David Rumsey was born in Sydney. He first studied the organ there with Donald Hollier then Norman Johnston. As winner of the prize for "Most Distinguished Student of the Year" and the prestigious Vasanta Scholarship, he travelled to Europe in 1963 to continue studies with Jørgen-Ernst Hansen (Copenhagen), Marie-Claire Alain (Paris) and Anton Heiller (Vienna). In 1967, after graduating from the Vienna Akademie with the "Reifeprüfung", he returned to take up a position at the University of Adelaide in South Australia.
Moving back to Sydney in 1969 he further developed his growing reputation as an organist, teacher and organ consultant. He has travelled extensively in the course of his career, with destinations as far apart as Italy, Austria, France, Switzerland, Germany, Spain, Portugal, Holland, England, Denmark, Sweden, Norway, India, USA and Canada in the northern hemisphere, with Australia, New Zealand, Norfolk Island and Singapore in the southern hemisphere and Asia-Pacific area. In the course of this he has made many Radio and TV broadcasts (Australian Broadcasting Corporation, 2MBS-FM Sydney, Swiss Radio, New Zealand Broadcasting Corporation, USA, Canada) and numerous disc and CD recordings for labels such as ABC Classics, 2MBS-FM, Tall Poppies and OehmsClassics.
For over 25 years, until 1998, he was the regular organist with the Sydney Symphony Orchestra and as such frequently presided over the Grand Organs of Sydney Opera House and Sydney Town Hall. He is also known as a broadcaster and was a pioneer in FM radio in Australia, a founder of 2MBS-FM (now "Fine Music 102.5"). His associations with multimedia events have included performances of the Saint-Saëns "Organ" Symphony to 100,000 people with the orchestra in the Sydney Domain (via a micro-wave link - the organ was several kilometres away in Sydney Town Hall). In 1998 he wrote, produced, acted and performed in a highly successful 14-hour musical and dramatic spectacle on the life of J. S. Bach, with actors in period costume from the National Institute of Dramatic Art, and musicians playing period instruments.
In March 1999, after some 20 years as Head of Organ and Church Music at Sydney Conservatorium, he resigned his Senior Lectureship at the University of Sydney to travel around Europe, USA and Canada where he gave recitals and master classes. He came back to a busy recital schedule in Australia between March and August 2000, then returned to Denmark for more concerts.
David Rumsey settled in Switzerland during November 2000. Domiciled now in Basel, he is involved in a complex of professional activities on the broader European, American and Australia/Pacific musical scene. He frequently deputizes in the Basel region and thus presides over organs as widely varied as the "swallow's nest" instrument (emulating Tugi 1487-93) at the Predigerkirche, and the 1921 Späth instrument at the Heiliggeistkirche. His regular position is at Herz Jesu Church in Laufen (Kuhn 1981, 41/III+P). The scope of his work has been wide, including writing and performing the music for the first Swiss production of the Brazilian Ariano Suassuna's play "Das Testament des Hundes" (The Dog's Will - "Schwarze Gigger" theatre company at Allschwil). Apart from numerous recitals he has also appeared as soloist in a Handel Organ Concerto (with the Chamber Orchestra of Jura), Mozart's "Organ Solo Mass" (Heiliggeistkirche, Basel) and taken part in concerts with a number of German and Swiss choirs. He played the opening recital of the 2007 Laufen Organ Festival and directed the following festival in 2010.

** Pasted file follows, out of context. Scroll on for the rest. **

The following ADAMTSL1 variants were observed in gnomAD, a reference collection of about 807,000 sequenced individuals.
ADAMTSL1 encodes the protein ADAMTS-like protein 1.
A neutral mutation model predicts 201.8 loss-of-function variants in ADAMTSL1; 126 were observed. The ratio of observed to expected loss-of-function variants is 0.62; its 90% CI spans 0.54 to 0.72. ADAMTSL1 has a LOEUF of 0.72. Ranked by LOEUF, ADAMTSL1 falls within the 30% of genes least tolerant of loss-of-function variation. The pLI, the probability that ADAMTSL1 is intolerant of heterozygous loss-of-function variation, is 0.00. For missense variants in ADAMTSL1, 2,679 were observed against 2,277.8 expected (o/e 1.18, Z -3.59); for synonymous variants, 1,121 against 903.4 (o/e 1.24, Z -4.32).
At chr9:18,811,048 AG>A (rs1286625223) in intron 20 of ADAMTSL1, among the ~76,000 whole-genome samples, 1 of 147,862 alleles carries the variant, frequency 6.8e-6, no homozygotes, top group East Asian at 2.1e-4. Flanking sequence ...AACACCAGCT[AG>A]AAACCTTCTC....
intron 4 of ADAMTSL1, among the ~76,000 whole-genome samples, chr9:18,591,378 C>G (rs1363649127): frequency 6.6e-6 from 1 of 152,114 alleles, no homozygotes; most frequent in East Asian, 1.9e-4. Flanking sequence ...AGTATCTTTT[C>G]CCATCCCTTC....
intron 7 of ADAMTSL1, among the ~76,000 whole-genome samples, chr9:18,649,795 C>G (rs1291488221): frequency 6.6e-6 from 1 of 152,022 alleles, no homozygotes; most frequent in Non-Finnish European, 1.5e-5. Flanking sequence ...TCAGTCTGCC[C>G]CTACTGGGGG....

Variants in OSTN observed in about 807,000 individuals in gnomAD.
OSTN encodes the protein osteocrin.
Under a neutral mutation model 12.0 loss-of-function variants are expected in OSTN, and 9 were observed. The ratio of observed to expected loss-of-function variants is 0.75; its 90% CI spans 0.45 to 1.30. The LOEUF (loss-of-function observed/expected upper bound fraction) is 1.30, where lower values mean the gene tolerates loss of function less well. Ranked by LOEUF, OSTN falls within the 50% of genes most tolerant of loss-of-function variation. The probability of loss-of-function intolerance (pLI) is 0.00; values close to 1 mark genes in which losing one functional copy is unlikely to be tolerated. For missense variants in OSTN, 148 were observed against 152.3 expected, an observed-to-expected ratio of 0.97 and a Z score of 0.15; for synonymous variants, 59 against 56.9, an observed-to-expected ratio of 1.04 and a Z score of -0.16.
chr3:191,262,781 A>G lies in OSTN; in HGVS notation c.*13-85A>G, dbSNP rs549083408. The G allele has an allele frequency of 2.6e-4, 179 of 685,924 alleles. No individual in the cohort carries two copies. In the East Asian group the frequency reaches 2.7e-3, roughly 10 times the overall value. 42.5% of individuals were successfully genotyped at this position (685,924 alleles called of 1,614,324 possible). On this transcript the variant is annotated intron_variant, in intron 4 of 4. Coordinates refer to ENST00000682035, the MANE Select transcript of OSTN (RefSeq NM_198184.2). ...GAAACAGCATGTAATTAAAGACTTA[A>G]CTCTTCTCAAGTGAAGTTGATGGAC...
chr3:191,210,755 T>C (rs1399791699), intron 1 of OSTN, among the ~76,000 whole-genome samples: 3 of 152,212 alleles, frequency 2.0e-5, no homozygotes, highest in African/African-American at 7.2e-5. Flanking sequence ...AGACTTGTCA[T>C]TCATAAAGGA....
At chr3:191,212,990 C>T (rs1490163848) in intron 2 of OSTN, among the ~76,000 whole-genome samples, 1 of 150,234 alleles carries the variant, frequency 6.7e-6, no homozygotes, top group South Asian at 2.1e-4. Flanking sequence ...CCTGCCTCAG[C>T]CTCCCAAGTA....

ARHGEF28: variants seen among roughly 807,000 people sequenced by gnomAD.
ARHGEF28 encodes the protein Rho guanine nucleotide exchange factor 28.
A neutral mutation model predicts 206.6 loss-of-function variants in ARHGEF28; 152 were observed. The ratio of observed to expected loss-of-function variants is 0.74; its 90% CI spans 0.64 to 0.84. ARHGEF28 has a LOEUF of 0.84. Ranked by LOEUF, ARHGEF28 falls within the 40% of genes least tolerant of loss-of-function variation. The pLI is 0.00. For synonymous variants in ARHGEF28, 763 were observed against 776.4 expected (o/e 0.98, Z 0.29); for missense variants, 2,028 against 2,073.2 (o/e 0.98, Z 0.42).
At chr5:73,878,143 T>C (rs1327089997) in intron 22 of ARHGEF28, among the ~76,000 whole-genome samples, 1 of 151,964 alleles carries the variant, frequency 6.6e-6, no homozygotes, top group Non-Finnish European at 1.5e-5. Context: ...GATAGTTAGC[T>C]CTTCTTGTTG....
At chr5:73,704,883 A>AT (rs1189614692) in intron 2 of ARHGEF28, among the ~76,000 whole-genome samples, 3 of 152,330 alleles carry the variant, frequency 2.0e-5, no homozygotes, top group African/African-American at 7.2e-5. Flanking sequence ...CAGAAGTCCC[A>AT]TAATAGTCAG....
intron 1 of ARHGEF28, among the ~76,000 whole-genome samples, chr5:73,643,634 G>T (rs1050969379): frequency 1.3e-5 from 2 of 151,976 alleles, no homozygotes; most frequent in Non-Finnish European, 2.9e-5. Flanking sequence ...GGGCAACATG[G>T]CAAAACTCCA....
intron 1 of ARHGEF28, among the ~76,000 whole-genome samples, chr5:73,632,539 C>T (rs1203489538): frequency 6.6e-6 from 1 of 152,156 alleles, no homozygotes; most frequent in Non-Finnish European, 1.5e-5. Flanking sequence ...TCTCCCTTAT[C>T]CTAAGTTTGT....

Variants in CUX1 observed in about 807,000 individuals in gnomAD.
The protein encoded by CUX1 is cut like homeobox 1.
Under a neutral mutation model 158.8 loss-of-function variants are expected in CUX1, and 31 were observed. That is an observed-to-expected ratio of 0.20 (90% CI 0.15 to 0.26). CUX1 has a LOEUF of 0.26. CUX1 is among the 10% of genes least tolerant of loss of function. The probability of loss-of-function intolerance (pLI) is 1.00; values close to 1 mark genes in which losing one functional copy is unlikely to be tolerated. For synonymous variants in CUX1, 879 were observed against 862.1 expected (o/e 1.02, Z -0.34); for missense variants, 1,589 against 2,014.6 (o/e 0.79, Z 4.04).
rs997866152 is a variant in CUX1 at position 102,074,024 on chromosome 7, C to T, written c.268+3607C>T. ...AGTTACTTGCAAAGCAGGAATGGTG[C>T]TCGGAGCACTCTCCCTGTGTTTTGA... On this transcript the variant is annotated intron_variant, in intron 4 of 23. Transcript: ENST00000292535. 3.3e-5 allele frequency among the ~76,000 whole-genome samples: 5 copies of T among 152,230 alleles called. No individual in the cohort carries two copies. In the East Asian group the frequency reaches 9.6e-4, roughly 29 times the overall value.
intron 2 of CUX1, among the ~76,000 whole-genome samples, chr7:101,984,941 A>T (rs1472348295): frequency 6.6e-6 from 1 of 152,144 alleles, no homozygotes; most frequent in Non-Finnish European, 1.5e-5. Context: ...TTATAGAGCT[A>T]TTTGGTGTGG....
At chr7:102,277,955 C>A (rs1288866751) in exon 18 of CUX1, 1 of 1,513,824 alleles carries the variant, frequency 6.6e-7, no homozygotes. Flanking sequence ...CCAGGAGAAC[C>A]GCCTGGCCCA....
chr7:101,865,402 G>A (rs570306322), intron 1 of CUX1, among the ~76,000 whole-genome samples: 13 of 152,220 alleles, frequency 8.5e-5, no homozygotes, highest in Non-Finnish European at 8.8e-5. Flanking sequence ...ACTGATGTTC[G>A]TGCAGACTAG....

David Rumsey is the author of many articles about organs and a partner in writing an organ lexicon. He has served on many advisory committees in Australia, New Zealand and Europe. Amongst these projects has been involvement with important historic restorations - including the 1874 Walker at St. Stephen's, Newtown (Sydney), the 1737/1799 Nacchini/Callido at San Martino (Venice) and the Welte organ at Seewen (Solothurn, Switzerland). He has also been responsible for new organs at Christ Church (Vienna), St. Alban's Church, Epping, and the "Bach" organ at Abbotsleigh, Wahroonga (the last two in Sydney).
Apart from his numerous concerts, consultancies, lectures and symposium participation (France, New Zealand, Germany, Canada, Australia, United States, Switzerland, Netherlands, Austria, Denmark and, in 2016, the Czech Republic), David Rumsey has taken important initiatives spanning a wide range of organ specialities. These run from medieval organ music - including the construction of his own "gothic positive" and involvement in the "van Eyck" and related projects - to acting as musical director for the award-winning "Britannic Organ" series of historic roll recordings. He is a Senior Researcher at the Bern University of the Arts.
© David Rumsey 2009, 2010 and ongoing